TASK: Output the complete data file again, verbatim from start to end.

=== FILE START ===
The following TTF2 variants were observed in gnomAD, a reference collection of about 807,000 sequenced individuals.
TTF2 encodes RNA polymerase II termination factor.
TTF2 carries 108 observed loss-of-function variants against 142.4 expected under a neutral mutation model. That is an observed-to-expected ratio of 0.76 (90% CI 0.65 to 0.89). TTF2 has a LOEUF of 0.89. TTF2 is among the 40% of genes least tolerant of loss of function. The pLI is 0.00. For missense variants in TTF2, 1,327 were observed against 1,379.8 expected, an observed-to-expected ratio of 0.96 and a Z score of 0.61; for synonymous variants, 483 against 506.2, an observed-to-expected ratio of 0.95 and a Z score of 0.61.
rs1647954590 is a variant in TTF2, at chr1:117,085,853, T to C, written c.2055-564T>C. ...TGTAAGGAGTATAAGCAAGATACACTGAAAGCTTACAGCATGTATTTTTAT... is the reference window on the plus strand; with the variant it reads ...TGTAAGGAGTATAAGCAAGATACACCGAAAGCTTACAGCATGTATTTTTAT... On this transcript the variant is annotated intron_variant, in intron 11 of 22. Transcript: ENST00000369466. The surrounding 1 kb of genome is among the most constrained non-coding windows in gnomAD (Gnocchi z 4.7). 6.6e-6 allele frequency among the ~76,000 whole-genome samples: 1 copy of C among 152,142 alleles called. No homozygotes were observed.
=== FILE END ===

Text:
The following TTF2 variants were observed in gnomAD, a reference collection of about 807,000 sequenced individuals.
TTF2 encodes RNA polymerase II termination factor.
TTF2 carries 108 observed loss-of-function variants against 142.4 expected under a neutral mutation model. That is an observed-to-expected ratio of 0.76 (90% CI 0.65 to 0.89). TTF2 has a LOEUF of 0.89. TTF2 is among the 40% of genes least tolerant of loss of function. The pLI is 0.00. For missense variants in TTF2, 1,327 were observed against 1,379.8 expected, an observed-to-expected ratio of 0.96 and a Z score of 0.61; for synonymous variants, 483 against 506.2, an observed-to-expected ratio of 0.95 and a Z score of 0.61.
rs1647954590 is a variant in TTF2, at chr1:117,085,853, T to C, written c.2055-564T>C. ...TGTAAGGAGTATAAGCAAGATACACTGAAAGCTTACAGCATGTATTTTTAT... is the reference window on the plus strand; with the variant it reads ...TGTAAGGAGTATAAGCAAGATACACCGAAAGCTTACAGCATGTATTTTTAT... On this transcript the variant is annotated intron_variant, in intron 11 of 22. Transcript: ENST00000369466. The surrounding 1 kb of genome is among the most constrained non-coding windows in gnomAD (Gnocchi z 4.7). 6.6e-6 allele frequency among the ~76,000 whole-genome samples: 1 copy of C among 152,142 alleles called. No homozygotes were observed.